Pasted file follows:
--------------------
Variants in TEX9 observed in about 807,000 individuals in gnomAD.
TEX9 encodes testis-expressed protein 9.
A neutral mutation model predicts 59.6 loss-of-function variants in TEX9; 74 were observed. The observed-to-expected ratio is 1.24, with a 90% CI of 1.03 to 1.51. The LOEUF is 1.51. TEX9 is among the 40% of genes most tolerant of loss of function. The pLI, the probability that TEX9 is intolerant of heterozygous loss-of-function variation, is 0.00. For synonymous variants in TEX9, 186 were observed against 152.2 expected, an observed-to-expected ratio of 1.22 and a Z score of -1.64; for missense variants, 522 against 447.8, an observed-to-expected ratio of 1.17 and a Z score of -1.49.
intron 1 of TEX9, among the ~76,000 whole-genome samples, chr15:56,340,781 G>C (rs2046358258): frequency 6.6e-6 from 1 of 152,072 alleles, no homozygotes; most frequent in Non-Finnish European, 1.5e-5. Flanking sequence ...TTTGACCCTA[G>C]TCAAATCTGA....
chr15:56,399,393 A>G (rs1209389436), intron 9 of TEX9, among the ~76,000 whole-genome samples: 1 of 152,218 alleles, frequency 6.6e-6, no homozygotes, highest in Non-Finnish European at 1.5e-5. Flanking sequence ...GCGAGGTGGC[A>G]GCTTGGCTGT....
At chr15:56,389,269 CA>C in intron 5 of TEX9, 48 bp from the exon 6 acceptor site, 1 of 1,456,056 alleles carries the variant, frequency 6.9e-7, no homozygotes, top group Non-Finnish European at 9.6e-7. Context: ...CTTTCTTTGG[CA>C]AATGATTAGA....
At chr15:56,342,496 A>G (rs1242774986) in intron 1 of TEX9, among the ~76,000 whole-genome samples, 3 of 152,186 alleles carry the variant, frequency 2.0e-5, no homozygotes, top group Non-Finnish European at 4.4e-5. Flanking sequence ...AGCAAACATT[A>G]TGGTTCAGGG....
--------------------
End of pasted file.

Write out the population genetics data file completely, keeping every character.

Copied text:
Variants in TEX9 observed in about 807,000 individuals in gnomAD.
TEX9 encodes testis-expressed protein 9.
A neutral mutation model predicts 59.6 loss-of-function variants in TEX9; 74 were observed. The observed-to-expected ratio is 1.24, with a 90% CI of 1.03 to 1.51. The LOEUF is 1.51. TEX9 is among the 40% of genes most tolerant of loss of function. The pLI, the probability that TEX9 is intolerant of heterozygous loss-of-function variation, is 0.00. For synonymous variants in TEX9, 186 were observed against 152.2 expected, an observed-to-expected ratio of 1.22 and a Z score of -1.64; for missense variants, 522 against 447.8, an observed-to-expected ratio of 1.17 and a Z score of -1.49.
intron 1 of TEX9, among the ~76,000 whole-genome samples, chr15:56,340,781 G>C (rs2046358258): frequency 6.6e-6 from 1 of 152,072 alleles, no homozygotes; most frequent in Non-Finnish European, 1.5e-5. Flanking sequence ...TTTGACCCTA[G>C]TCAAATCTGA....
chr15:56,399,393 A>G (rs1209389436), intron 9 of TEX9, among the ~76,000 whole-genome samples: 1 of 152,218 alleles, frequency 6.6e-6, no homozygotes, highest in Non-Finnish European at 1.5e-5. Flanking sequence ...GCGAGGTGGC[A>G]GCTTGGCTGT....
At chr15:56,389,269 CA>C in intron 5 of TEX9, 48 bp from the exon 6 acceptor site, 1 of 1,456,056 alleles carries the variant, frequency 6.9e-7, no homozygotes, top group Non-Finnish European at 9.6e-7. Context: ...CTTTCTTTGG[CA>C]AATGATTAGA....
At chr15:56,342,496 A>G (rs1242774986) in intron 1 of TEX9, among the ~76,000 whole-genome samples, 3 of 152,186 alleles carry the variant, frequency 2.0e-5, no homozygotes, top group Non-Finnish European at 4.4e-5. Flanking sequence ...AGCAAACATT[A>G]TGGTTCAGGG....